The sidebodies are made from one sixteenth inch balsa ribs and are skinned underneath with one thirty-second inch sheet. The reason for this is that the air cushion supports this area and also it helps give a scale appearance. The ribs are set one eighth of an inch into the rails along the side of the hull and by the same amount into the outer skirt attachment beams. When adding the sidebodies it is best to jig the outer edges on 3 3/4 inch blocks, particularly when making the bow portion. Details of the bow construction can be seen in the photographs - a picture paints a thousand words! The ribs for the bow section are cut from the remaining ribs. Panniers are provided at the rear of each sidebody, the starboard one containing the rudder servo. Originally I fitted the radio receiver and batteries in the port pannier but this isnít a good idea if you want to keep the equipment in good condition - everything gets wet. The radio is now in the cabin with a Mardave Mk II speed controller, which is used solely for forward and reverse control of the thrust motor. The cabin roof is made from balsa sheet on formers apart from the front which is carved from balsa block. Some experimentation was also required to find the right size for the dorsal fin as without it the model tended to weathercock into wind.
The obvious departure from conventional boat or aircraft modelling techniques is the flexible skirt. The type used here has been used on several of my glow powered Hovercraft and is reasonably simple both to make and to alter, if you do not quite get it right first time. Also most modellers have recourse to an expert with a sewing machine who will be only to pleased to be involved in the construction of the latest project! The material used is polyester lining which can be bought from most fabric shops and is marked out as follows. First the material should be pinned down evenly and divided into eight and a half-inch wide strips. Then one of the end templates is drawn around. Measure the A and B lengths along the edges of the strips. These will be the outer and inner edges respectively. Draw around the other end template to complete the section. This is sewn as shown in the skirt drawing, remembering to leave an overlap of about one quarter of an inch all round. It is wise to mark out one left-handed and one right-handed version of each section. This will make it easier to assemble the skirt.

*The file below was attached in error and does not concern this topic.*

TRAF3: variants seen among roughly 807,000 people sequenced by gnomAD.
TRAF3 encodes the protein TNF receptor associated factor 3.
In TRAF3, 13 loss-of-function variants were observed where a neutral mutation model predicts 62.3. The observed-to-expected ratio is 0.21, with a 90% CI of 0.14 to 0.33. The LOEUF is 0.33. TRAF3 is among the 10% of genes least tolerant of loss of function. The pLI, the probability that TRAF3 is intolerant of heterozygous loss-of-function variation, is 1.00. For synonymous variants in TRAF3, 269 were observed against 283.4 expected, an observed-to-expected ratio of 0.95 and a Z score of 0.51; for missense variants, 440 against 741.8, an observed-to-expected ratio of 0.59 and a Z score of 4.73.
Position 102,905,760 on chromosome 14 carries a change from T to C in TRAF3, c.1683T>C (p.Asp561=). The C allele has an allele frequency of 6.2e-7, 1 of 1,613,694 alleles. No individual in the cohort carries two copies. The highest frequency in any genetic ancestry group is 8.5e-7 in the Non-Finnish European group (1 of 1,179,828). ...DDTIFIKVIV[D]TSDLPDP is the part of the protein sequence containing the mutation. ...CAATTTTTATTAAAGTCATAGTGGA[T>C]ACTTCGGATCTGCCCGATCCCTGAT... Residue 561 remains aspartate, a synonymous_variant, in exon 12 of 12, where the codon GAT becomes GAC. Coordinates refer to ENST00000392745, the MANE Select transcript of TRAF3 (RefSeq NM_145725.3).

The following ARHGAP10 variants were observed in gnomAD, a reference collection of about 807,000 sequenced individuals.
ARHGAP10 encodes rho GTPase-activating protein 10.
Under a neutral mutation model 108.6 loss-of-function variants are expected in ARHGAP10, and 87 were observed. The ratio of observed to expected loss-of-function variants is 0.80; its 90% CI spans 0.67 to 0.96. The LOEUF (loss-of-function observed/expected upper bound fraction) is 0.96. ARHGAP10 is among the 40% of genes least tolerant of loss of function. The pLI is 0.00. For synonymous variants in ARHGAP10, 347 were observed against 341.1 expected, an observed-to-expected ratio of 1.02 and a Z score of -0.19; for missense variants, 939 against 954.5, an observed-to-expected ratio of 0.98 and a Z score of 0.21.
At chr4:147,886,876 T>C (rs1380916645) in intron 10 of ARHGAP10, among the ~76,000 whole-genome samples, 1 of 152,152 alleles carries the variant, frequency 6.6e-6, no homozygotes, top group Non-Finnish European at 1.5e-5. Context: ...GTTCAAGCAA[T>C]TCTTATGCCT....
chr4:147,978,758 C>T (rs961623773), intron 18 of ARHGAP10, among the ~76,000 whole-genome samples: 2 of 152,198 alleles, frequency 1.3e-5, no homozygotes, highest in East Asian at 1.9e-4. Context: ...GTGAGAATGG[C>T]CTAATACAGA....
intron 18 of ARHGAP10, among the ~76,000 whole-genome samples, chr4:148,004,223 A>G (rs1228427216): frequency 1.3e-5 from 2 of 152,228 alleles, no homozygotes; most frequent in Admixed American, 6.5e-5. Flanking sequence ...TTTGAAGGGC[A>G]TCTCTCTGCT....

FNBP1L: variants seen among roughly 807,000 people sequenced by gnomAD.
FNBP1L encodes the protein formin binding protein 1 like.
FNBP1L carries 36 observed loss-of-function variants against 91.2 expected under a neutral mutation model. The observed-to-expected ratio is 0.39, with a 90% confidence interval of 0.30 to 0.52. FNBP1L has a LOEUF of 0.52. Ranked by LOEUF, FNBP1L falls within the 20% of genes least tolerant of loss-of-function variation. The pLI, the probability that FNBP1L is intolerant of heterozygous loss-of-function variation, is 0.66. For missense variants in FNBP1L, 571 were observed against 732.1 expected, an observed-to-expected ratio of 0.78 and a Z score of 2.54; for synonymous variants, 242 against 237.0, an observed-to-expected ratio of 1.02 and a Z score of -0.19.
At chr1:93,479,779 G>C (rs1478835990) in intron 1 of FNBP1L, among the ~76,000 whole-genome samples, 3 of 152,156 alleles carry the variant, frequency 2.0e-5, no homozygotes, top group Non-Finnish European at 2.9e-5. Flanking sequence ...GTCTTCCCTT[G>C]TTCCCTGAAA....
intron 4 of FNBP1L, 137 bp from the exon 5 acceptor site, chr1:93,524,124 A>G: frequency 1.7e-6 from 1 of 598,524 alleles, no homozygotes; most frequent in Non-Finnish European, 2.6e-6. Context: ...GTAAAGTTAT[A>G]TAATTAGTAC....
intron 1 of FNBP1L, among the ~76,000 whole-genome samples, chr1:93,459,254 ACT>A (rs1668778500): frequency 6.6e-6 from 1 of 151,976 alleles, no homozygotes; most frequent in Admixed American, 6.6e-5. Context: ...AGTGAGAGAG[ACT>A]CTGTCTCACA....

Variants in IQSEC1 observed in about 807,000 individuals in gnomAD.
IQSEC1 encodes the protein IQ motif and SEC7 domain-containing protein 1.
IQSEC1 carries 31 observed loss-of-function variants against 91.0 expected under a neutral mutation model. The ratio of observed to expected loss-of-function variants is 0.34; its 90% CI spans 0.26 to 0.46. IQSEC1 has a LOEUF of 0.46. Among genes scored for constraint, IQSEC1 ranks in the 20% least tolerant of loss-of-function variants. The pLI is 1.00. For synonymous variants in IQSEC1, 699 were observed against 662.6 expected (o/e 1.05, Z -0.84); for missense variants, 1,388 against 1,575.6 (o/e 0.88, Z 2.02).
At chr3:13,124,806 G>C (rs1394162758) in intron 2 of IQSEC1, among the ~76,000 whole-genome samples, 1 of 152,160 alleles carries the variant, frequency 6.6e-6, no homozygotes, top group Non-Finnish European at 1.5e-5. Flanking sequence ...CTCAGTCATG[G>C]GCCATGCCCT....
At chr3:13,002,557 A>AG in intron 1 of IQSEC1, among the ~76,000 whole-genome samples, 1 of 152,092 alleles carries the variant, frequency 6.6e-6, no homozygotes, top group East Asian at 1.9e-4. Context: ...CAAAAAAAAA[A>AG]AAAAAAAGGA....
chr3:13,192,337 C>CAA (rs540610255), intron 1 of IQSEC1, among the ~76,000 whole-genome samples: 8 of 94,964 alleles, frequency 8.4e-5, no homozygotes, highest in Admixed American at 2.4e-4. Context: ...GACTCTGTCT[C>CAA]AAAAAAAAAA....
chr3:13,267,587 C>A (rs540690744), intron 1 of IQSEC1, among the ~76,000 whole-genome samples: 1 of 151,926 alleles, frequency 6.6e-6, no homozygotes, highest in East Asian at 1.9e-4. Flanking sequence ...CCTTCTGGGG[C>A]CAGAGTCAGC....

There are no holes in either the base of the craft or the inner wall of the skirt to provide airflow to the cushion, as the material is leaky enough. I do not recommend making any holes as water will quickly be scooped up through them. The model works well with the skirt like this, but to prevent air being wasted through the outer skirt wall mine has a rubberised coating. This is easier to do than it first appears. The coating is applied by brushing or spraying the outer wall of the skirt with Copydex thinned with water.
After the first trials with an RS380 providing the thrust it was apparent that a larger motor was required. The RS540 was fitted and drives the two 6x4 props through a universal coupling.
Having completed the model my impatience got the better of me so an early attempt was made to cross the local pond. Going with the wind was easy, apart from the tendency to weathercock. It was much harder going the other way through the four-inch waves, whipped up by the worst weather we have had this year. As mentioned before, the main method of control is by using the two rudders. It is alarming to find that the immediate effect on the craft is only to change the direction in which it is pointing, particularly on land! It blithely carries on towards the nearest wall/yacht/duck. The trick is to yaw past the angle through which you want to turn, wait until the model starts to actually go in the right direction, and then straighten it up with opposite rudder. Performance is much better on land than on water, providing the skirt is dry. This sometimes makes transition from water to land difficult, and effective control is only regained when the airflow has blown the excess water away.
In making this model I have had to obtain a lot of information from various sources. As the SR.N5 was first built in 1964 most of this is historic, and I would particularly like to thank Hover Publications, the British Hovercraft Corporation and Rolls Royce for their help.
This model appeared, with a free pull-out plan, in the May/June 1986 edition of " Radio Control Boat Modeller " .